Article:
This morning’s thesis progress was hamstrung by a lack of internet bandwidth – a combination of the webcam and Dropbox syncing my increasingly large documents had led to me using all of the allowance (3GB) for this month, and the next month’s allowance doesn’t start until the 19th. I called 3 and spoke to an upgrades man, who agreed to put me on a 5GB tariff from next month for the same price – result! Sadly, he was less helpful about my immediate internet shortage – he suggested getting a PAYG SIM card instead. I remembered that I had a Vodafone PAYG SIM card that I’d bought on eBay, which has the nice feature that any credit on it doesn’t expire – unlike other ones on the market. But it had no credit on it. Unlike 3 and O2, Vodafone’s network doesn’t let you connect to the internet to top up if you’re out of credit. Instead, I walked to the garage on the other side of Maidenhead Bridge and topped up the account using a cash machine. As I got back, a man from South Bucks Council came and relieved me of £8 in mooring fees. After he’d gone, much fiddling ensued as I tried to make the router talk to Vodafone instead of 3, but eventually it came good. By this point a good fraction of the morning had gone by, so I finished updating my CV and renewed Innocenti’s insurance rather than sit down to more thesis.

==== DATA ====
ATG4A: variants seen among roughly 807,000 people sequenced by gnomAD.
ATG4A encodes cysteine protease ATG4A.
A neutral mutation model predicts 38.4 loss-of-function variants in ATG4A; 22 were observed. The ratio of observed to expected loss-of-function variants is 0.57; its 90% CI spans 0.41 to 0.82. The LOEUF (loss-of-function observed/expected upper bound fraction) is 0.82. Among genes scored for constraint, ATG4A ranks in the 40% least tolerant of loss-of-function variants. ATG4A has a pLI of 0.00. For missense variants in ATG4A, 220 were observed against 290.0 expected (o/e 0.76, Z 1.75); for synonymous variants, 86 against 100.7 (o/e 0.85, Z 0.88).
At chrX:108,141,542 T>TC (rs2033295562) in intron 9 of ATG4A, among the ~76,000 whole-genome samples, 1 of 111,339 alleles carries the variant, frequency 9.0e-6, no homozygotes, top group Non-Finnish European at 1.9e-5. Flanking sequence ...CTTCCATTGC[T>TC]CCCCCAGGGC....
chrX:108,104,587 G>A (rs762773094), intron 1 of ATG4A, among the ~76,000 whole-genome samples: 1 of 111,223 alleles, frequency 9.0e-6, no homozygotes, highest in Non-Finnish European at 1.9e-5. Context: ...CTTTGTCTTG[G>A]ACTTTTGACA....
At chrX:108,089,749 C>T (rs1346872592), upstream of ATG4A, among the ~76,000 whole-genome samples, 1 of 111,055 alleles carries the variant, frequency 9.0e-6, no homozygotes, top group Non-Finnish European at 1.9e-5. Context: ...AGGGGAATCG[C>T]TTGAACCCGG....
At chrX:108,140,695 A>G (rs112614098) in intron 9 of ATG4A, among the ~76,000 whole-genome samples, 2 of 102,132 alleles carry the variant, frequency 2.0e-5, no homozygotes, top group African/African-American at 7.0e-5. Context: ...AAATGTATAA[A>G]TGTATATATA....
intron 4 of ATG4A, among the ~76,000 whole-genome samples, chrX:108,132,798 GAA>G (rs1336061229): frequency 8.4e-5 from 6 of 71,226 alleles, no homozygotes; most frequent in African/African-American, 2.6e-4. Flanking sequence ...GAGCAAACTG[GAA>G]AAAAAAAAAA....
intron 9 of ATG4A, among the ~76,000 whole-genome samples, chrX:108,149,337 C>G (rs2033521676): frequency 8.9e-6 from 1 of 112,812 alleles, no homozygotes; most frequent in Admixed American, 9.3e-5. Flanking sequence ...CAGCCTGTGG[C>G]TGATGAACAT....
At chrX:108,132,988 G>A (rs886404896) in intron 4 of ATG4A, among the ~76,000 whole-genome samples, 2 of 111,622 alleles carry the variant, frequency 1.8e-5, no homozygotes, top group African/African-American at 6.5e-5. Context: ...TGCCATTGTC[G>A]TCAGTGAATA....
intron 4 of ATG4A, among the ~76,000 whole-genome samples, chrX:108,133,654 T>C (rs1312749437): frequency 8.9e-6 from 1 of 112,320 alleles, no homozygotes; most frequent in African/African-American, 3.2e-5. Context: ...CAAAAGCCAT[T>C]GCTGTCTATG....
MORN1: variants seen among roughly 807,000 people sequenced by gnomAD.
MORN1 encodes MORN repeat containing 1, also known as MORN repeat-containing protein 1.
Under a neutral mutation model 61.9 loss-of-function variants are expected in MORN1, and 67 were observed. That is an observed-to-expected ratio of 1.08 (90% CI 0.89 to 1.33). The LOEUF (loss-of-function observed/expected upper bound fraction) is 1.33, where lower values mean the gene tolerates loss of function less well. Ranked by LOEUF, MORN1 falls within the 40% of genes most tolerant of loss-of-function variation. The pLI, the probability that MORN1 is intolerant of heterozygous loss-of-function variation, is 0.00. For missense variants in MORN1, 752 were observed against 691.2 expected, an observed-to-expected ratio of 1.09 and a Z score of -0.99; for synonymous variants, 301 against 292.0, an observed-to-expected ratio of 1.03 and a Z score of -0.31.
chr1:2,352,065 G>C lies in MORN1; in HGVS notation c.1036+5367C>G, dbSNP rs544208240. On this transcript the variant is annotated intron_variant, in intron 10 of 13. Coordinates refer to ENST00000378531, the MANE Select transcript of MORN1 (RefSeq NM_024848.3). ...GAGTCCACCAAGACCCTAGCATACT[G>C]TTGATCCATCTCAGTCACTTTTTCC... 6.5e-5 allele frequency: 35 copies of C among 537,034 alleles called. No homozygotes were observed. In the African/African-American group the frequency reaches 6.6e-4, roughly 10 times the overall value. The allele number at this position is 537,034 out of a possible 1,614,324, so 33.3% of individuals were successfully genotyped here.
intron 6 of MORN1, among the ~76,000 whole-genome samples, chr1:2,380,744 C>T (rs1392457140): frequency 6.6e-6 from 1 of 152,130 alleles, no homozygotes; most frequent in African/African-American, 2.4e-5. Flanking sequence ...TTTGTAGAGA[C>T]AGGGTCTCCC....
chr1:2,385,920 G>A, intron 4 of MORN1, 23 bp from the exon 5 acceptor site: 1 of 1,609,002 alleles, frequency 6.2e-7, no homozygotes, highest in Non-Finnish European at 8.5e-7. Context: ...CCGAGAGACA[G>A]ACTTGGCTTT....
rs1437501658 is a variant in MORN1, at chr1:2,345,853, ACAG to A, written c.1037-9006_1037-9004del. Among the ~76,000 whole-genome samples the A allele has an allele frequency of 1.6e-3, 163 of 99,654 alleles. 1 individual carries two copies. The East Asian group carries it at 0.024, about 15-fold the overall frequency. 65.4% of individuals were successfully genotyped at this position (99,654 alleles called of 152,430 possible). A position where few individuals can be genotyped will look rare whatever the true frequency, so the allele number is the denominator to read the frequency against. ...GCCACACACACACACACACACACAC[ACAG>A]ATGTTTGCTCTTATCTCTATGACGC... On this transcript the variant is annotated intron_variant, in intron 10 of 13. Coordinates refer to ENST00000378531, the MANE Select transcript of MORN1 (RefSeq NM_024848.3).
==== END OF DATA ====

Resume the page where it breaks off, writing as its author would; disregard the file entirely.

In the afternoon I cruised up past Cliveden, with its dramatic setting high above the river, and passed a group of little wooded islands where a number of boats had moored – very Swallows and Amazons!
At Marlow the water was suddenly covered in boats – kayaks, sailing dinghies, a gin palace and a dragonboat full of schoolkids who did a fair job of keeping up with me. They were from an activity centre just upstream. As I came around the corner to Marlow Lock, I became concerned about the groups of kids in kayaks rafted up in the navigation channel. They were with instructors, but the channel was narrow and there were boats queuing for the lock and others coming out. I went into the lock with a Dutch barge and another narrowboat. Marlow Lock is deep, so getting the ropes on was quite tricky and a bystander gave me a hand. Then the lock-keeper called “move up a bit, I want to get these canoes in behind you”. Sure enough, 30 kids and 2 instructors were in kayaks in the lock behind me, with another two instructors on the bank. I was not happy about this – the kids were between the two narrowboats and packed in between my stern and the bottom gate. I very nearly asked the lock-keeper if he thought this was safe, but held my tongue. As the lock filled (which admittedly the locky did very slowly) one of the instructors showed off, doing tricks in the gap between the big boats in his little whitewater kayak. I was most unimpressed – had anything happened and if either of the boats had got away from the lock wall, the kayaks would have been crushed between the boats and people might well have been injured. The locky passed comment on the instructors stunts, but no more.